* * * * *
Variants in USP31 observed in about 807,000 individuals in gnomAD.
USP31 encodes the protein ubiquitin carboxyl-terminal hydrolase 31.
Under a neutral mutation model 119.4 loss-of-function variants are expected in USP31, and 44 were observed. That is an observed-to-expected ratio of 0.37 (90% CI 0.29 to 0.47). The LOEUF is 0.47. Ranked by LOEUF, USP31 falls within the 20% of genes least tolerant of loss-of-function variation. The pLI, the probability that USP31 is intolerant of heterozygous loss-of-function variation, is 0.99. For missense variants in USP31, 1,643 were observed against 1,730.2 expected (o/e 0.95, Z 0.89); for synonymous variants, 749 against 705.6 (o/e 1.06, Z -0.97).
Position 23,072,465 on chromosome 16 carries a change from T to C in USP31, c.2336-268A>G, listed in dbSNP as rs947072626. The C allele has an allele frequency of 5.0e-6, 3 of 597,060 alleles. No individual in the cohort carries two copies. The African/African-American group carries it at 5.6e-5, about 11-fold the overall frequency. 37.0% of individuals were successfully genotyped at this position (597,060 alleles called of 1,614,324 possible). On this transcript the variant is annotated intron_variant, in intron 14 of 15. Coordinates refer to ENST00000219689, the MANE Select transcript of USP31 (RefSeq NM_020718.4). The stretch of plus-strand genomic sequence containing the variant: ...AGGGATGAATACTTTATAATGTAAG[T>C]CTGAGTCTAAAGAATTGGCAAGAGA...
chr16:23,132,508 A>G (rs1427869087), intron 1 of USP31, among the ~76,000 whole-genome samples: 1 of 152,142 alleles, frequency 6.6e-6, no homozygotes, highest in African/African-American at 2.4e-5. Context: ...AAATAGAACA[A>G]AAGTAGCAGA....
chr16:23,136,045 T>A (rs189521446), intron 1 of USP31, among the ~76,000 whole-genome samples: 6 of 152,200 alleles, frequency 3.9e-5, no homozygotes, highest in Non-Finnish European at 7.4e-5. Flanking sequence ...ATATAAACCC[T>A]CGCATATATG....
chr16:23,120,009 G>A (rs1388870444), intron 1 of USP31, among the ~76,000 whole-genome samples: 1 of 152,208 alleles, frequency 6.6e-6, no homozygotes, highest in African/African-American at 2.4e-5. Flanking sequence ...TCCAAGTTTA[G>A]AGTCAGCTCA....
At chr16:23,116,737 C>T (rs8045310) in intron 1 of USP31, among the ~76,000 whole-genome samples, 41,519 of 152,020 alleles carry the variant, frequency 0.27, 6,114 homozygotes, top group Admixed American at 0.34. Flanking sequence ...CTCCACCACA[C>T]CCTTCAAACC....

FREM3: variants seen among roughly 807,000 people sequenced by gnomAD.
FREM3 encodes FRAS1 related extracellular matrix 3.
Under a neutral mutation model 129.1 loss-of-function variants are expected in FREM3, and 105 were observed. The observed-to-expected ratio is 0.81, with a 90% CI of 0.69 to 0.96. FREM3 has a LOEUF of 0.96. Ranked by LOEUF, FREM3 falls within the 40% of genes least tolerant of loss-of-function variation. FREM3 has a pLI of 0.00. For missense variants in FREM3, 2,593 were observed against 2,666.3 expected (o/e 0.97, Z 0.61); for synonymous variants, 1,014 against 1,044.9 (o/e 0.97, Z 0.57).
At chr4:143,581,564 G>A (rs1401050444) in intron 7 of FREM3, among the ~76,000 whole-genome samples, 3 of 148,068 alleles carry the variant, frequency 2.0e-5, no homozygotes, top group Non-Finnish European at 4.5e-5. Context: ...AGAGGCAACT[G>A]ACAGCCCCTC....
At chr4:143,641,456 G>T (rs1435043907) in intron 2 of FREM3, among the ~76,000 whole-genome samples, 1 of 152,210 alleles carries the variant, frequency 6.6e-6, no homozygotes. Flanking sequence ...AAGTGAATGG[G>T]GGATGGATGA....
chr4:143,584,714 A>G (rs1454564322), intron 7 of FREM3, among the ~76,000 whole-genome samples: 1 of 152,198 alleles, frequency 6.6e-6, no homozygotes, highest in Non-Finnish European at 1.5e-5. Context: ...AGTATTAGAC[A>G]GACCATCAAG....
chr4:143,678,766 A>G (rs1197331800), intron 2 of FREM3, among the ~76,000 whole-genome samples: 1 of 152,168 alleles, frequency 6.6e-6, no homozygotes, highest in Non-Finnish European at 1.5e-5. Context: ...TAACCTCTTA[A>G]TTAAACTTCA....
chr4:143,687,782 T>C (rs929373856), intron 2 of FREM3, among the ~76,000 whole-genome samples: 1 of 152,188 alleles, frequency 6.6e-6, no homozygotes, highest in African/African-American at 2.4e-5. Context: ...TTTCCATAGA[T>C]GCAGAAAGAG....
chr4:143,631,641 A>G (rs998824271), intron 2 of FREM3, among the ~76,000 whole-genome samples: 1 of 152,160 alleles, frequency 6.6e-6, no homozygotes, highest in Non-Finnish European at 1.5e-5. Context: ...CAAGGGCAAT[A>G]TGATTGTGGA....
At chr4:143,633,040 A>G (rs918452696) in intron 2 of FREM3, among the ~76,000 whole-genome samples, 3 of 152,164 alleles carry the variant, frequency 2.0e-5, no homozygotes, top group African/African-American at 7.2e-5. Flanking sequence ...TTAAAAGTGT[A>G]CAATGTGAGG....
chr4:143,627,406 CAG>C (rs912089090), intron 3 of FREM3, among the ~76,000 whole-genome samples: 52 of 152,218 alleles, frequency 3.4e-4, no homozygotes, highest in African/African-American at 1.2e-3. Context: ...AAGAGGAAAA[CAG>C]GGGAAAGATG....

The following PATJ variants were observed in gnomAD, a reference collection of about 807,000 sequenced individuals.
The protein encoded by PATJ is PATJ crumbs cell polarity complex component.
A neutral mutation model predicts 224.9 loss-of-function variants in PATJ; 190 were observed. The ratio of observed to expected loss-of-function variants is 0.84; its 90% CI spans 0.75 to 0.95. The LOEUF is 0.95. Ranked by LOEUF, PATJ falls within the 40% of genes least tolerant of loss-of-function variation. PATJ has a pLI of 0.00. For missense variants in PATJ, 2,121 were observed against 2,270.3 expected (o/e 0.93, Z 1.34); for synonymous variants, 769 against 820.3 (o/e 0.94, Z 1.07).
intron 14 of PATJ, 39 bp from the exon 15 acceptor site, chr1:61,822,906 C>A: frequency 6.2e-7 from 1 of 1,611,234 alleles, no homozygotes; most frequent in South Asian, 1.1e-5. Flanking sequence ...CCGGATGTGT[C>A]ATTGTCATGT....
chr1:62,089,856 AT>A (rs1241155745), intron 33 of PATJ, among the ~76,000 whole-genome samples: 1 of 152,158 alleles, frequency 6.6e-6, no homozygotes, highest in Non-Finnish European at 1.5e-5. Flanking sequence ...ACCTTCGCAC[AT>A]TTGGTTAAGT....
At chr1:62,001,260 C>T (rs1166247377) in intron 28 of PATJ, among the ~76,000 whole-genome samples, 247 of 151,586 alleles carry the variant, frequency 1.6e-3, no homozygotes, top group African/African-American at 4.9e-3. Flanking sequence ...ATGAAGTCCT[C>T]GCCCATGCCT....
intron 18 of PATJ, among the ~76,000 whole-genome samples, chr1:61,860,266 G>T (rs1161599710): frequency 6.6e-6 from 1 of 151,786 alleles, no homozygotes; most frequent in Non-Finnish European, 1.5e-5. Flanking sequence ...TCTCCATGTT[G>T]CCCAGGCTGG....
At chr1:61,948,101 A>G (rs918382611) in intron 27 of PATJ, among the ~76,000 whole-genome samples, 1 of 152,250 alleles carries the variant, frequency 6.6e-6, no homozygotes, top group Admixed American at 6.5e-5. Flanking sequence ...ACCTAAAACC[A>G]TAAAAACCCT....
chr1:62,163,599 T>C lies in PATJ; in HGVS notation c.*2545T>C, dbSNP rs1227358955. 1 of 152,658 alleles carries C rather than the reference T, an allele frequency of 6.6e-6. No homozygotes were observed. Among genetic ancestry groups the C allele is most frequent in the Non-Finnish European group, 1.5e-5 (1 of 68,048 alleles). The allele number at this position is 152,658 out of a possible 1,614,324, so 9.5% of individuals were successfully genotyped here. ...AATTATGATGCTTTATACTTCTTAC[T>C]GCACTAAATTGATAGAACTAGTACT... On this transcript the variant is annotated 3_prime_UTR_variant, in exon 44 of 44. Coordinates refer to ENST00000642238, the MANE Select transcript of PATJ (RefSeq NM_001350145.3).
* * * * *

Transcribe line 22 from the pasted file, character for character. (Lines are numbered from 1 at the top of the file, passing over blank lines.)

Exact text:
A neutral mutation model predicts 224.9 loss-of-function variants in PATJ; 190 were observed. The ratio of observed to expected loss-of-function variants is 0.84; its 90% CI spans 0.75 to 0.95. The LOEUF is 0.95. Ranked by LOEUF, PATJ falls within the 40% of genes least tolerant of loss-of-function variation. PATJ has a pLI of 0.00. For missense variants in PATJ, 2,121 were observed against 2,270.3 expected (o/e 0.93, Z 1.34); for synonymous variants, 769 against 820.3 (o/e 0.94, Z 1.07).